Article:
As a first generation college student, Jerome Prince ’00, chose to attend the University of Nebraska–Lincoln without fully knowing what it would take to earn a degree. An even bigger issue loomed for Prince in discovering which degree track to follow. He began student life as a computer science major but his story soon changed.
“I came to Nebraska because I believed it would give me a platform nationally, and offer the most flexibility after college,” said Prince, an Omaha North high school graduate. “But when I got to Lincoln I still wasn’t sure what I wanted to do.”
He participated in a pre-college program during the summer before college, which helped him grasp the amount of time needed to be successful, including how to organize his studies. It also taught him the importance of reaching out to others for guidance.
“There were many people who had an impact on my college career such as Mark Davis (assistant director of recruiting) and Jake Kirkland (emeritus assistant to the vice chancellor), who are still around the Nebraska campus today. They played a crucial role advising me and keeping me on track academically,” he said.
Davis lauded Prince for his willingness to reach out to people from the day he stepped foot on campus. Davis became a mentor for Prince and immediately was impressed by the young man’s focus to accomplish what he set out to do.
“Jerome was an example of a student who did all the right things,” said Davis. “He connected with people around campus to develop a solid base of role models, and he’d do everything you told him to do. When we’d go to lunch, instead of talking about what he did on the weekends, he wanted to know the next step to earning his degree. He was on a mission to Start Something.”
Through self-reflection and consultation with others, Prince decided computer science did not offer him the best path to be competitive. The idea of studying business quickly took center stage.
“One of the most significant conversations I had was with the (former) Director of the School of Accountancy Thomas Hubbard. He told me, ‘If you’re searching for something to do, you ought to give serious consideration to accounting, because accounting is the language of business.’ That conversation resonates with me to this day,” he said.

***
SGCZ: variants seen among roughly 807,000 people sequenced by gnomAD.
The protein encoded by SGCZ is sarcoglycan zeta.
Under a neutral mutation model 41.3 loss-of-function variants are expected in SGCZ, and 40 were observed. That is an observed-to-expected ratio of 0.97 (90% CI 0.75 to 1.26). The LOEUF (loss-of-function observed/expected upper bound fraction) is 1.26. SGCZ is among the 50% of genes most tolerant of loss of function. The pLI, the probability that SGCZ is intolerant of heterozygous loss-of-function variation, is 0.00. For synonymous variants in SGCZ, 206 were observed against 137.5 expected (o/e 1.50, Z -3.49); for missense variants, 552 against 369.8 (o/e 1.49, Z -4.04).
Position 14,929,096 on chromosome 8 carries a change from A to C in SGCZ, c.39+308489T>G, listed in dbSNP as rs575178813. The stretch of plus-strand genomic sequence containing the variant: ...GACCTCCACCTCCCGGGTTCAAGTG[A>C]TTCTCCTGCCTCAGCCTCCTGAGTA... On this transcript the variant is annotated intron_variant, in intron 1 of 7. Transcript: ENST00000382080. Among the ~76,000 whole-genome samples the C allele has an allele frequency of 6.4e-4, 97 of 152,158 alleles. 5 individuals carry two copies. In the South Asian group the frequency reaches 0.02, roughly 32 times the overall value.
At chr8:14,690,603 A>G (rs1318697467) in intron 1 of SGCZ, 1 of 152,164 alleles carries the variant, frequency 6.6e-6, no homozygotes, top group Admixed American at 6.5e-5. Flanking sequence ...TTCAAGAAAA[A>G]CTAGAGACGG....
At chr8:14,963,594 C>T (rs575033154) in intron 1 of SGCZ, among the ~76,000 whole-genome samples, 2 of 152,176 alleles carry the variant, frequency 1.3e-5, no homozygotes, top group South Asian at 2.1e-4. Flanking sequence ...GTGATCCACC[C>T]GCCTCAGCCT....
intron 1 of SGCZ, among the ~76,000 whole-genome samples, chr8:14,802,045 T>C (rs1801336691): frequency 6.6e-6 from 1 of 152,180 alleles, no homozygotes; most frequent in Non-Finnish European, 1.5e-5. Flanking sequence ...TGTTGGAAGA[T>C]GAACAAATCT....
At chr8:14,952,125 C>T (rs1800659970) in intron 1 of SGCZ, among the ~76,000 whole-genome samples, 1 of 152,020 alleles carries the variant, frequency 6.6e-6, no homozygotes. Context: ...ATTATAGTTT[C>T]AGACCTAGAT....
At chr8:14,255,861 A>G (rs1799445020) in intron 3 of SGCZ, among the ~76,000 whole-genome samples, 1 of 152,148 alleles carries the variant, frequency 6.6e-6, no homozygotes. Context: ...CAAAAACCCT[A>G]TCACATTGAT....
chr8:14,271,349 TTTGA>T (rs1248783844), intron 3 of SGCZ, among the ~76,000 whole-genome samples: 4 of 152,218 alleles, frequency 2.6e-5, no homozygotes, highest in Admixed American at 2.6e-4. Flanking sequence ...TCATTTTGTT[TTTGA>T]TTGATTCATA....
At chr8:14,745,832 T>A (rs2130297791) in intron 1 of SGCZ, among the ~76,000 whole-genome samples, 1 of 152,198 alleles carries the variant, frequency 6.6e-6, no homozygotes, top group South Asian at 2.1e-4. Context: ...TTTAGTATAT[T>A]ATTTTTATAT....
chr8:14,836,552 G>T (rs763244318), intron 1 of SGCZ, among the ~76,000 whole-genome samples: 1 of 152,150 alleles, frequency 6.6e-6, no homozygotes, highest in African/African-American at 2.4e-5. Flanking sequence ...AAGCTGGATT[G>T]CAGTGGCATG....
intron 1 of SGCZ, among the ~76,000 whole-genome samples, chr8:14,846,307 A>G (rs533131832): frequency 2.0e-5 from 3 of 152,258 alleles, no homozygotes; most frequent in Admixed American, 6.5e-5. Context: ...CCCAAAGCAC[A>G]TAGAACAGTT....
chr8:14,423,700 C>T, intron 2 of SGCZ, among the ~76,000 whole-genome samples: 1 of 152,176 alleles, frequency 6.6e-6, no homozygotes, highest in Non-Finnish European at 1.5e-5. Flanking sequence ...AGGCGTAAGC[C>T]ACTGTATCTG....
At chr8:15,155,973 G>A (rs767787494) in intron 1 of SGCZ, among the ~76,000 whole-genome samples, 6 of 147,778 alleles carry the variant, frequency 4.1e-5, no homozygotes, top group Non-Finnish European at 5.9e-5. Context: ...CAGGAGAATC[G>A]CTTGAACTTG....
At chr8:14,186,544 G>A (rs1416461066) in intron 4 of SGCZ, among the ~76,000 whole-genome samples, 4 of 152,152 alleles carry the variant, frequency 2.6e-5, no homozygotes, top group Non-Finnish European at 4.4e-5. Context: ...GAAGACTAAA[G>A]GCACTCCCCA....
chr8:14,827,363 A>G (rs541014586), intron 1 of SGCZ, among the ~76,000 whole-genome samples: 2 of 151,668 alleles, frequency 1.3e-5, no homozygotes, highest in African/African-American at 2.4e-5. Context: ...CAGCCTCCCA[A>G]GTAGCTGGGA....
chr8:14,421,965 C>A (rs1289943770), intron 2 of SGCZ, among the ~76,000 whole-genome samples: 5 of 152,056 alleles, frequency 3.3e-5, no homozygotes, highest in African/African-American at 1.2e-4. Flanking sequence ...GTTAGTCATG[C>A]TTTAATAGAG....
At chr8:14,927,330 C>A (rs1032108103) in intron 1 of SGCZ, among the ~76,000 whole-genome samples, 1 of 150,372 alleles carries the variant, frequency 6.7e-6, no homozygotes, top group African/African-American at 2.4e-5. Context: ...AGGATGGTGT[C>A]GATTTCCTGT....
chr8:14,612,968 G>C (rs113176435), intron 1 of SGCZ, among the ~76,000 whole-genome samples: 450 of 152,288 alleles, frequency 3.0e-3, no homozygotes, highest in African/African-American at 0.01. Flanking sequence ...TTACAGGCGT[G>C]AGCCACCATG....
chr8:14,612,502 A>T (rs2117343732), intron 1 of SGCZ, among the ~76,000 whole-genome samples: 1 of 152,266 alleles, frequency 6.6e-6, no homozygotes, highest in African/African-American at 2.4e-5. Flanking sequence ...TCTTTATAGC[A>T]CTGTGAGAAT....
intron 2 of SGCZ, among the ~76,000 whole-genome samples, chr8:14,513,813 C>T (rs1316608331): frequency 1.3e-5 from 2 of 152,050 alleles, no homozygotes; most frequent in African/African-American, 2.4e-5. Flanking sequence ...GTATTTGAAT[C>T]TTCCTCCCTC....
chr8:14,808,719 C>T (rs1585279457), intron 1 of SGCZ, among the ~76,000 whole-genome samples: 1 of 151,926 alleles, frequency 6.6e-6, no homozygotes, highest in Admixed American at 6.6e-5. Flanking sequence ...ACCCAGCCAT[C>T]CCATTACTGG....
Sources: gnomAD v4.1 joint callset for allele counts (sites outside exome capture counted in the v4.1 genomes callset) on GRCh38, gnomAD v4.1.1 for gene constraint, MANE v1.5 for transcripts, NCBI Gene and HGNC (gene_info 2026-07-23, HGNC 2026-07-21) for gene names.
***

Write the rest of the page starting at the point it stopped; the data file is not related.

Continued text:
From that conversation, Prince realized accounting would provide a technical skill he could develop, and would give him a broad platform of career options at a variety of companies. He began to hone his skills through rigorous study and participation in the accounting fraternity Beta Alpha Psi.
“Beta Alpha Psi did a tremendous job providing me social experiences with other accounting students, as well as getting connected with companies looking for interns. I got an internship in public accounting. I had a great experience but also realized that wasn’t my cup of tea,” said Prince.
After graduation, Prince tried his hand at auditing with the Union Pacific Railroad. Though he enjoyed the workplace, he realized auditing was not for him either.
“That’s when I decided to get into commercial banking. I had an opportunity to join General Motors Acceptance Corporation and got into commercial lending at that point. After five years, I transitioned to J.P. Morgan, again in commercial lending but in a much broader platform, and I’ve been here 12 years, currently serving as an executive director in the Dallas area,” he said.
Prince credits accounting with giving him the ability to differentiate himself from others in the finance world. He believes it played a major role in getting his foot in the door.
“They were specifically looking for someone who had more accounting knowledge, because the bank deals with companies in many industries, so it’s important to have a sound understanding in accounting to apply it to the financial performance of a wide variety of companies. I can really see now how important it was to reach out to other people, and the significance of that initial conversation with Thomas Hubbard.”
Prince relishes in the stories he finds when examining accounting details of a particular company. It provides him an enjoyment he could not appreciate before his journey at Nebraska Business.
“The accounting of a company tells a story, and you have to understand accounting to understand the story. I came to appreciate and enjoy analyzing the data, the income statement, balance sheet, cash flow – making sure I understand the story they’re telling me, because often times the story is consistent with what the CEO is saying but sometimes they can be a little bit different, and you have to understand why. That’s the beauty of accounting and why I enjoy doing what I do,” he said.
Today Prince serves on the Nebraska MBA Advisory Board. He remains excited about the future for Nebraska students.
“It’s been enlightening to see the positive changes happening, and it’s exciting to hear what’s coming next. Nebraska is really listening to what employers want and designing programs to meet the needs of employers and students alike,” he said. “It shows Nebraska is trying to provide the best educational experience they can, which is very rewarding for me both as a former student and current advisory board member.”